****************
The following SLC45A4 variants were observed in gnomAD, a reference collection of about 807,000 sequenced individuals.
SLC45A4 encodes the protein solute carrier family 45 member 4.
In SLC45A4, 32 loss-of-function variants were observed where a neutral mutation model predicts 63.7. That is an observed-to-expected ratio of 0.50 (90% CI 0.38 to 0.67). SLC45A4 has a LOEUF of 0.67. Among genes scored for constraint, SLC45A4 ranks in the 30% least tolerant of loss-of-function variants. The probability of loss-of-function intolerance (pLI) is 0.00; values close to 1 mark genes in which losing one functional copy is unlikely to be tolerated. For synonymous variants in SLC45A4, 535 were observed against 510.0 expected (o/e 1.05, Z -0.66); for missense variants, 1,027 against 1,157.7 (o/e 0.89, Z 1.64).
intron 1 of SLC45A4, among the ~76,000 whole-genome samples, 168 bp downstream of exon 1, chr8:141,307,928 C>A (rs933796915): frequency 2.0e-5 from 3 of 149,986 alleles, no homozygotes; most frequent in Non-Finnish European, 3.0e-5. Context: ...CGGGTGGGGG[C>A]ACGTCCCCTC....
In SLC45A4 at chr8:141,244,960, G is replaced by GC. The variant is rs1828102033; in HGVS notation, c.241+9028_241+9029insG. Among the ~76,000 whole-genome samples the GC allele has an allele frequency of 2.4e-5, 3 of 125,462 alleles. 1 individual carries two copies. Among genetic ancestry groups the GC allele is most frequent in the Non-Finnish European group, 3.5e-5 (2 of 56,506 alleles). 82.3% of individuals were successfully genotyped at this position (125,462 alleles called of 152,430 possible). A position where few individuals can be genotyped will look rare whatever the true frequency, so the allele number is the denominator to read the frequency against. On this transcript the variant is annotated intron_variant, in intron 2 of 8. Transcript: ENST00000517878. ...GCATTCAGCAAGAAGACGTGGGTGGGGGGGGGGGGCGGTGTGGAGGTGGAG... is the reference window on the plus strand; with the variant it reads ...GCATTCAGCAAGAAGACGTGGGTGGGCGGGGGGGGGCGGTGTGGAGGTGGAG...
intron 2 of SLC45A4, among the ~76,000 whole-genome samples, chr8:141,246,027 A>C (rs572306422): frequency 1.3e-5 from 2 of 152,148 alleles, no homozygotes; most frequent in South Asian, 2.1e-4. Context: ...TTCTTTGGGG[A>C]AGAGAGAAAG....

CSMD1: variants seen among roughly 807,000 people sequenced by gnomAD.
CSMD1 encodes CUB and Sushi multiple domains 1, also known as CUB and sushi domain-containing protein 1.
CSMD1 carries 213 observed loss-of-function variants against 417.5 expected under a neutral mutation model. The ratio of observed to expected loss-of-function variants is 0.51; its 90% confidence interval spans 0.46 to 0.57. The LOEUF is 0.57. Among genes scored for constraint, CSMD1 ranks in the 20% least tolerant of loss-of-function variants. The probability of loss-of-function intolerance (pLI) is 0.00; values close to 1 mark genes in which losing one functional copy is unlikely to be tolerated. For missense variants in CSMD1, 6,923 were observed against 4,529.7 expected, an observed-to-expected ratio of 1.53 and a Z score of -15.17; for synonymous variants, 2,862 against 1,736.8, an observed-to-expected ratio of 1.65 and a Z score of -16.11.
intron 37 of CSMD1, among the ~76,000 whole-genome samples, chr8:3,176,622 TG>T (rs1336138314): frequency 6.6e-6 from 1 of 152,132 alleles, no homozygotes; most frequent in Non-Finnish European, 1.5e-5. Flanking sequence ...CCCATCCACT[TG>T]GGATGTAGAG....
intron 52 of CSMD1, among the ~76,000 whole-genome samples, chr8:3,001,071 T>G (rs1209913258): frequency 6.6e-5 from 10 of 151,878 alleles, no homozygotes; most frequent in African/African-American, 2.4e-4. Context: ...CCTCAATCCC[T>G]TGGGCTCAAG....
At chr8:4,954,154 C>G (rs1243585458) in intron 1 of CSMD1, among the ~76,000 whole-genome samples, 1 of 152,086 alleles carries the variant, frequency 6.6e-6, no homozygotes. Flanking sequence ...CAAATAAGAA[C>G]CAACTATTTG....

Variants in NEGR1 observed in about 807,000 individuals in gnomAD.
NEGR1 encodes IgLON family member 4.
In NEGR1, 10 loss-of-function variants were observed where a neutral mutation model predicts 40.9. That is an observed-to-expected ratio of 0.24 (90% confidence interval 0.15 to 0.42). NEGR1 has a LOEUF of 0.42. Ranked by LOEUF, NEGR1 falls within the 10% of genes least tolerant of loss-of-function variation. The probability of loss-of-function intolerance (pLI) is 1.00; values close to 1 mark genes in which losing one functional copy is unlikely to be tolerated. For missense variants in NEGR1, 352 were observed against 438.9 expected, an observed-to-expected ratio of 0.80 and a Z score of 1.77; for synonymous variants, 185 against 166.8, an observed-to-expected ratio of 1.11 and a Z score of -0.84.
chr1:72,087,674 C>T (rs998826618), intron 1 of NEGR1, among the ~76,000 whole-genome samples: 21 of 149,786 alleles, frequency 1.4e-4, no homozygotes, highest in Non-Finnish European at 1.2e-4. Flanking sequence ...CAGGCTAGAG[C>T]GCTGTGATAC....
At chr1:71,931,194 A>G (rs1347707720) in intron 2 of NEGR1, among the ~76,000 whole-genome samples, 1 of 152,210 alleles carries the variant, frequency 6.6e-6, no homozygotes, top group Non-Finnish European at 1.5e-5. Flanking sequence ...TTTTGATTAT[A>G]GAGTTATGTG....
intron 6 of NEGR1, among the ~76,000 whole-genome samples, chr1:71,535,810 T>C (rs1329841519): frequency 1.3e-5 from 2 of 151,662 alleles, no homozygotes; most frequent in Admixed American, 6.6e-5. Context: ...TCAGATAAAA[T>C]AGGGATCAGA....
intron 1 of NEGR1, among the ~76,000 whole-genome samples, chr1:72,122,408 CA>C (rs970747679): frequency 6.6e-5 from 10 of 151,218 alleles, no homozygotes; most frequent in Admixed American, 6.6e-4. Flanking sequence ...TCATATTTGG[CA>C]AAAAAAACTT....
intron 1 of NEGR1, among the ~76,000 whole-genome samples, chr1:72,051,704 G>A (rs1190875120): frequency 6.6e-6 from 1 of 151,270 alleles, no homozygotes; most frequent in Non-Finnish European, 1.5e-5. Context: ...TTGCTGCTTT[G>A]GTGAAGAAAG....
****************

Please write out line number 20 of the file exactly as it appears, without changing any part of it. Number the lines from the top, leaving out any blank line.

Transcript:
intron 1 of NEGR1, among the ~76,000 whole-genome samples, chr1:72,051,704 G>A (rs1190875120): frequency 6.6e-6 from 1 of 151,270 alleles, no homozygotes; most frequent in Non-Finnish European, 1.5e-5. Context: ...TTGCTGCTTT[G>A]GTGAAGAAAG....